- Did you get good feedback or see a spike in reach, views, +1s? Did the phone ring or website traffic increase?
- Why are they following you?
- You should be tracking when fans like or follow. Is there a pattern? After informational posts? Humor? A sales pitch? When your pages are liked says plenty about the content they came for a want.
- What is the goal or strategy of your marketing campaign (specifically with respect to social media)?
- Are you looking to brand yourself, drive blog or web traffic? Are you using it strictly as an informational or customer service tool? How you market affects the content you provide.
If you decide to sell, the next step will be to decide on what platforms to use to selling and how often you’ll post a selling pitch. Each platform is unique and how people interact / accept on one is not the same as another. Since their is no universal formula, you’ll need to experiment and monitor you activities. This goes for how often, when and what you post as well as where you post it.
Direct sales pitch posts – social selling – is not going to be right for every business (my retail based business, even with a strong following, never saw much success with it) but don’t fall into the trap that it’s wrong. Social media is a marketing tool and like every other marketing tool it was designed to brand and drive revenue. Don’t simply avoid social selling just because of the prevailing thought. It might just be costing you sales.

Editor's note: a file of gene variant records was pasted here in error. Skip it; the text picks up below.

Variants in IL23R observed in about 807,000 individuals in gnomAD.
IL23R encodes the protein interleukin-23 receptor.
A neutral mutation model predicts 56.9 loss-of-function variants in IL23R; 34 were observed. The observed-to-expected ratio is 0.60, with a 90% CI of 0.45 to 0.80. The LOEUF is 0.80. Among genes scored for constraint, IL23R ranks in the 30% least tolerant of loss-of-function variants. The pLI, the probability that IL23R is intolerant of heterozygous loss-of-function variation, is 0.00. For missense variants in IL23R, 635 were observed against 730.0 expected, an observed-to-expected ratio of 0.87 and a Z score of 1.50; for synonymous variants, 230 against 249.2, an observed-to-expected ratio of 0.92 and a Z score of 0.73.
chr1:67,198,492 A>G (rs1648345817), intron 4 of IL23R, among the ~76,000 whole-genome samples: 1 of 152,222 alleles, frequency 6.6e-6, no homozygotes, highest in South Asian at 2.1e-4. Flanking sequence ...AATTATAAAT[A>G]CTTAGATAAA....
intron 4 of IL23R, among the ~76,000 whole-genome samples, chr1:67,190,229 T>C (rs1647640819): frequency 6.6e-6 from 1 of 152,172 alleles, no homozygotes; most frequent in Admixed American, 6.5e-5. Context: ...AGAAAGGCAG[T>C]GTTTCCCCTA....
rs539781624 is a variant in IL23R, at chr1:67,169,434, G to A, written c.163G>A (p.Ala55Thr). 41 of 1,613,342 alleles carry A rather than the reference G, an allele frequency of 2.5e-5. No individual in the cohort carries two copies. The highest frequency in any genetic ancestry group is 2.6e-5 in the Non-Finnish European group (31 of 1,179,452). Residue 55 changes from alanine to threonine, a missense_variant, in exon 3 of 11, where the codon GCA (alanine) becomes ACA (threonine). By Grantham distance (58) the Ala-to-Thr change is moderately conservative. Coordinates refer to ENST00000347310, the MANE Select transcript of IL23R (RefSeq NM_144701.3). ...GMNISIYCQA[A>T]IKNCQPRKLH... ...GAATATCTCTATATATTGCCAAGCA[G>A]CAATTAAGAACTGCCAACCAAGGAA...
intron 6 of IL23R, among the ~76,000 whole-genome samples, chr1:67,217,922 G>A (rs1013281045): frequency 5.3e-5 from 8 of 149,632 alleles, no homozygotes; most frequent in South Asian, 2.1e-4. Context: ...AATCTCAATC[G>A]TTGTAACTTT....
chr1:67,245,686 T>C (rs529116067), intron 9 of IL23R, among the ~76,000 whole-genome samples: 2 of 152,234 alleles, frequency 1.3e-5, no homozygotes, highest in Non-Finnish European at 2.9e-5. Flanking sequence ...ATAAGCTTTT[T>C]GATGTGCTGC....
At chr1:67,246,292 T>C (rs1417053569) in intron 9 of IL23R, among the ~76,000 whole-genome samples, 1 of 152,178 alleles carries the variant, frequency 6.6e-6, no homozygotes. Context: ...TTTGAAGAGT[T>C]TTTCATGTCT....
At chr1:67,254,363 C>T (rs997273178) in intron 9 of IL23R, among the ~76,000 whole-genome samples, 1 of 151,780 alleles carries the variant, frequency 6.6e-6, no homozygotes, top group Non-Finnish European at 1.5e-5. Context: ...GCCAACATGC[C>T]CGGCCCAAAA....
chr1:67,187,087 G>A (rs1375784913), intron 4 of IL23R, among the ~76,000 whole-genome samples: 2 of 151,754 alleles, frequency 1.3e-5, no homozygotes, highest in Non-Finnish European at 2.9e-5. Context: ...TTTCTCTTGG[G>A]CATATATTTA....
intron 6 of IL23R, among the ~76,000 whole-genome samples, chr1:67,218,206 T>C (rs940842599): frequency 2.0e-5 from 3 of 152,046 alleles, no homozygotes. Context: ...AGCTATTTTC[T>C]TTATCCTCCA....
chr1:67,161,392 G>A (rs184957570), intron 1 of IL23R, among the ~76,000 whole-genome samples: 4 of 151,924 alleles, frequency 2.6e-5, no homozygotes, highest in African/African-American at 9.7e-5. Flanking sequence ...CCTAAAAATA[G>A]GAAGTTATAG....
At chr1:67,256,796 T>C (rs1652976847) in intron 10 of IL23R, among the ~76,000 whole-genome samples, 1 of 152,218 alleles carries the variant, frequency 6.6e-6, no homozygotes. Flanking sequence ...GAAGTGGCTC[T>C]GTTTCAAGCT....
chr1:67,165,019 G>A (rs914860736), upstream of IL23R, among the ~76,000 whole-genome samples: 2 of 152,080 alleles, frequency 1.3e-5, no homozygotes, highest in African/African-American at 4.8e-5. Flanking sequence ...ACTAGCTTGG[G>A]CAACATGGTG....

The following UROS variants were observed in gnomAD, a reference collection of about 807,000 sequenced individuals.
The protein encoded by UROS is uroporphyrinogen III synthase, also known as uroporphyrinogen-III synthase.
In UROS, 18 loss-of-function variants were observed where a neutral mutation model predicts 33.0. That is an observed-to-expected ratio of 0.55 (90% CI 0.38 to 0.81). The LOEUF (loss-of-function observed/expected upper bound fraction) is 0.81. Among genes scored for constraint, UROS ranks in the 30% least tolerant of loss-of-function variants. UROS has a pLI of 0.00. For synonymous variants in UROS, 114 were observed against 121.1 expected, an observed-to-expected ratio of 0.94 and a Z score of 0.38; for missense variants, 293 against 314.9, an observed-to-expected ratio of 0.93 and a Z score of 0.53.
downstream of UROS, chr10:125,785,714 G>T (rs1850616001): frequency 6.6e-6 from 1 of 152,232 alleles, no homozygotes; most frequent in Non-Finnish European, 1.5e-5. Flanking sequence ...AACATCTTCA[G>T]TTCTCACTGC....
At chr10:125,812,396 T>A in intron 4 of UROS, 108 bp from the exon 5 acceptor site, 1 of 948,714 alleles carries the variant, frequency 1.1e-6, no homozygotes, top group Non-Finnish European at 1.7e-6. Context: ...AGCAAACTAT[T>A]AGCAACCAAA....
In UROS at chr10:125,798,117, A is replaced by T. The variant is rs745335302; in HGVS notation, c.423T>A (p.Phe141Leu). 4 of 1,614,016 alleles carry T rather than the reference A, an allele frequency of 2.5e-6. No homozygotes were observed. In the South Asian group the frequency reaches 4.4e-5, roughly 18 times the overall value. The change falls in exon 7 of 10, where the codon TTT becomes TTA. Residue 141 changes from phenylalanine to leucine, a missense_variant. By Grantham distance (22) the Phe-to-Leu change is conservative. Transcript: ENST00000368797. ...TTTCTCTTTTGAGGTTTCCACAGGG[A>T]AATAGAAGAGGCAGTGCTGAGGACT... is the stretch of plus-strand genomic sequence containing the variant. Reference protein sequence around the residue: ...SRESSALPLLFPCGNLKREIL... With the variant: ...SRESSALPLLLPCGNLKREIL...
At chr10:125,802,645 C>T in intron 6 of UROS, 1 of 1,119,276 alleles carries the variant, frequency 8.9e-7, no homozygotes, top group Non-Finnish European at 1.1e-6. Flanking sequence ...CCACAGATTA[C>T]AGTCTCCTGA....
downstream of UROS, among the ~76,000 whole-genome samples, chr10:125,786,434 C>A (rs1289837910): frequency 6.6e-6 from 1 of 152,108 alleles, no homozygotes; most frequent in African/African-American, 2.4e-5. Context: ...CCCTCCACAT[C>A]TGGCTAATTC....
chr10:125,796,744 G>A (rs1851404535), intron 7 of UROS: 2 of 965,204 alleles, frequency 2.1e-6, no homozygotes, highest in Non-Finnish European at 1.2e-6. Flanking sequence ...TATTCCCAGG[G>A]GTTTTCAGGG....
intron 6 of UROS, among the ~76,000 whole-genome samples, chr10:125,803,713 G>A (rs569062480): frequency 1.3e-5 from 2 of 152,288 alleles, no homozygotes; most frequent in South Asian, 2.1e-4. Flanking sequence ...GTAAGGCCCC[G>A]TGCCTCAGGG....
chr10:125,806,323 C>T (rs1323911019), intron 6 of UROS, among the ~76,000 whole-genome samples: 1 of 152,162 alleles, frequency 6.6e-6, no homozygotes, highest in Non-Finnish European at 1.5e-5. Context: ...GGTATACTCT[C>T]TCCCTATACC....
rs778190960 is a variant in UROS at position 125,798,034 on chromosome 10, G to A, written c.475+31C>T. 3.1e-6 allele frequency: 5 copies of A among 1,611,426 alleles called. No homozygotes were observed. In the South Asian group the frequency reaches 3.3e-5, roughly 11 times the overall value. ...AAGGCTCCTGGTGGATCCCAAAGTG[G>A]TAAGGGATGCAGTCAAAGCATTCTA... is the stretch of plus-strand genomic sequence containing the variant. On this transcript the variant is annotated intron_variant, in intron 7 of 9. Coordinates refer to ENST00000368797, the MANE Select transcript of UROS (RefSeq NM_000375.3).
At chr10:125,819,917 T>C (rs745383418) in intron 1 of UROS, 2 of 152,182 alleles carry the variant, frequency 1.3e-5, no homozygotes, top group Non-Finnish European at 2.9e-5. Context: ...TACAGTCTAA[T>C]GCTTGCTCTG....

If you’ve used or use social media for direct selling I’d love to hear your thoughts and how you’ve made it work for you (or didn’t). Happy selling!
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To schedule a consultation or to book me for a workshop or speaking engagement, I can be reached at firstname.lastname@example.org.
Robert Nissenbaum is a successful small business owner with more than 20 years of marketing and sales experience. Using the same social media and traditional marketing techniques he leveraged to brand and drive revenue for his own businesses, he works with other small to medium sized business owners to do the same. His methodology is based on his own practical experience leveraging inbound and outbound platforms with a revolutionary approach and philosophy. His methods have been applied successfully to retail, service and non profit based organizations.